With all of the elements in place, and the graph saved to a Dynamo file (DYN extension), it is simply a matter of pressing the Run button to initiate the program. Dynamo will generate the prefix and suffix numbers, gather up the year, month and day numbers, convert them all to strings and combine them into one string. The Project Information element will be accessed and the string value will be used to set the value of the DateCode parameter.

This may seem like a lot of work, compared to typing fourteen numbers in a dialog box, and if you only ever use it one time, it is. But you can save the Dynamo file and every time you are about to plot, simply start Dynamo, open the file and select the Run button.

In this admittedly simple example, you can see how easy it is to write a program in Dynamo and have that program interact with Revit. Dynamo takes care of all of the hard work of interfacing with the API; all you need to do is connect the nodes.

December 19, 2014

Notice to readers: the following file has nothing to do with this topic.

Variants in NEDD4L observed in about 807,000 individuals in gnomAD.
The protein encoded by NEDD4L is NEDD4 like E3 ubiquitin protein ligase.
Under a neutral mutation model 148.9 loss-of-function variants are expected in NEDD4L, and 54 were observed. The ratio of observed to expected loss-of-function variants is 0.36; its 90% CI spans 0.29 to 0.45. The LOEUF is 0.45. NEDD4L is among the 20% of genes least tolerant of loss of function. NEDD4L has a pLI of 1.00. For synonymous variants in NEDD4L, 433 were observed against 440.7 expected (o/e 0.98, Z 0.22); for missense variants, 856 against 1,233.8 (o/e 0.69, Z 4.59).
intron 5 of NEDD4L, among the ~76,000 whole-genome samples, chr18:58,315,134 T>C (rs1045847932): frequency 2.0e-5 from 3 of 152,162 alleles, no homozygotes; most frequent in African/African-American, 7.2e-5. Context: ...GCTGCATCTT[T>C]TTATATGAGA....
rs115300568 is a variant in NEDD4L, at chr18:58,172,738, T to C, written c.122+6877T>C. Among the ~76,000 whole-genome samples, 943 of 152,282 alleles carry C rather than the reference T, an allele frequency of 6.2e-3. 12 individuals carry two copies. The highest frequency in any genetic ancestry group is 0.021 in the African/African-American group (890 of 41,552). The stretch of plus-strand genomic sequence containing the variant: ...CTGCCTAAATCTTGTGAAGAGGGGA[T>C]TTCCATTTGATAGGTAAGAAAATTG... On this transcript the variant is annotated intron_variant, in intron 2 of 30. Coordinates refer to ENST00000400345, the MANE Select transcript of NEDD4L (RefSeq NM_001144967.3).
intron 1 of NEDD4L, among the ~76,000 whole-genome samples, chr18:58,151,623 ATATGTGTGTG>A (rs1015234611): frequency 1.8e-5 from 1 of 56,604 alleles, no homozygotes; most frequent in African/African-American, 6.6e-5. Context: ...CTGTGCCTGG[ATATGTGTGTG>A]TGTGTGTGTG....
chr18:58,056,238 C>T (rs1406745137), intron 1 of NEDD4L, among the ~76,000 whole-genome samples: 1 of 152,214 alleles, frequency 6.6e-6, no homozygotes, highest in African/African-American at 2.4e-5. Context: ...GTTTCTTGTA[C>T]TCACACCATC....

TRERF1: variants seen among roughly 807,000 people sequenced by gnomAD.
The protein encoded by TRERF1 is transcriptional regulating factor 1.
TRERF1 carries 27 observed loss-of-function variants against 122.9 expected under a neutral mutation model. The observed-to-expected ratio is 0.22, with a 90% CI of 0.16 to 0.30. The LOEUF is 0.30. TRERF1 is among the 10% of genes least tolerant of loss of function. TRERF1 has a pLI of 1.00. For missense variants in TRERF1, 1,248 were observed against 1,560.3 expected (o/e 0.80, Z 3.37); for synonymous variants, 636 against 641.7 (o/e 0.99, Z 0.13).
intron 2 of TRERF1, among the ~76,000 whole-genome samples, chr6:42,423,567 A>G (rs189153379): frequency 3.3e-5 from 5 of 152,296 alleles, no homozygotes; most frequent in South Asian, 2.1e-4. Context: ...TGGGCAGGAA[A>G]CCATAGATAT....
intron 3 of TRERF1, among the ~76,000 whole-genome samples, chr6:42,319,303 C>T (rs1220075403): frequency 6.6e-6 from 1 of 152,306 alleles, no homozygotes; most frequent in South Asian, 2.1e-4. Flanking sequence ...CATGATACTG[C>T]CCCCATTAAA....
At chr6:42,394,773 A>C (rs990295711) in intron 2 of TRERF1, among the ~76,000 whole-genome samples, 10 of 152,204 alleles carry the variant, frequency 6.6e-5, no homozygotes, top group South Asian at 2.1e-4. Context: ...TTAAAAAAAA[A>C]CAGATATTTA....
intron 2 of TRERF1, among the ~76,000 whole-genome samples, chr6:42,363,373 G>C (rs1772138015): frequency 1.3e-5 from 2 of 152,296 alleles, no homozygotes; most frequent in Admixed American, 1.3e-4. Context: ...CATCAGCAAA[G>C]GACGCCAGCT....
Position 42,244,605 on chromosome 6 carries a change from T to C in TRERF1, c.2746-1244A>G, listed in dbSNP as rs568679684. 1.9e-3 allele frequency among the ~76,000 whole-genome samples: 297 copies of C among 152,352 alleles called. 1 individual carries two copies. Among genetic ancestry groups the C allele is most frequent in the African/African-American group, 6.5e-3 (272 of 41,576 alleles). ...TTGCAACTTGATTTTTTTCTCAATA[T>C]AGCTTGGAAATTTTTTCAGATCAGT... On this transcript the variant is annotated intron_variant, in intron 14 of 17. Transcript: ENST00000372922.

Dynamo

I had the good fortune to be able to attend Autodesk University this year, and without initially intending to do so, ended up with the majority of my classes centered on Dynamo. Dynamo is an open-source add-in that works with Revit (and Vasari) and provides a graphical means of creating custom programming for Revit. The architect side of me appreciates the graphical interface; the long-time AutoCAD®/AutoCAD® Architecture customization side of me (AutoLISP®, VBScript in formula properties) appreciates the ability to do things and process data in ways not accommodated by the out-of-the-box commands and features.

I have had a long-time desire to become familiar with the Revit API and explore the possibilities available there, but a combination of a lack of significant stretches of dedicated time and being somewhat intimidated by the amount of things I would have to learn just to get started have conspired to keep me from starting that journey. From what I have seen so far of Dynamo, there is a much lower entry barrier, and I am excited to learn more and apply that knowledge to real-world, useful projects.

As I discover things (or have others show them to me), I expect I will be documenting them here. Until then, here are links to the Dynamo website and other related resources.

Dynanmo Website
Dynamo Downloads
Dynamo Tutorials
Dynamo Blog
Dynamo Gallery
Dynamo Community (discussion forum)

I would also like to express my thanks to Zach Kron, Marcello Sgambelluri, Nathan Miller, Ian Keough, Michael Hudson, Andrea Vannini and Nuri Miller, who taught one or more of the classes I took at Autodesk University this year. Check out the materials that are available on line:

AB6644: Dynamo: The Future is Wide Open - Zach Kron (session recorded)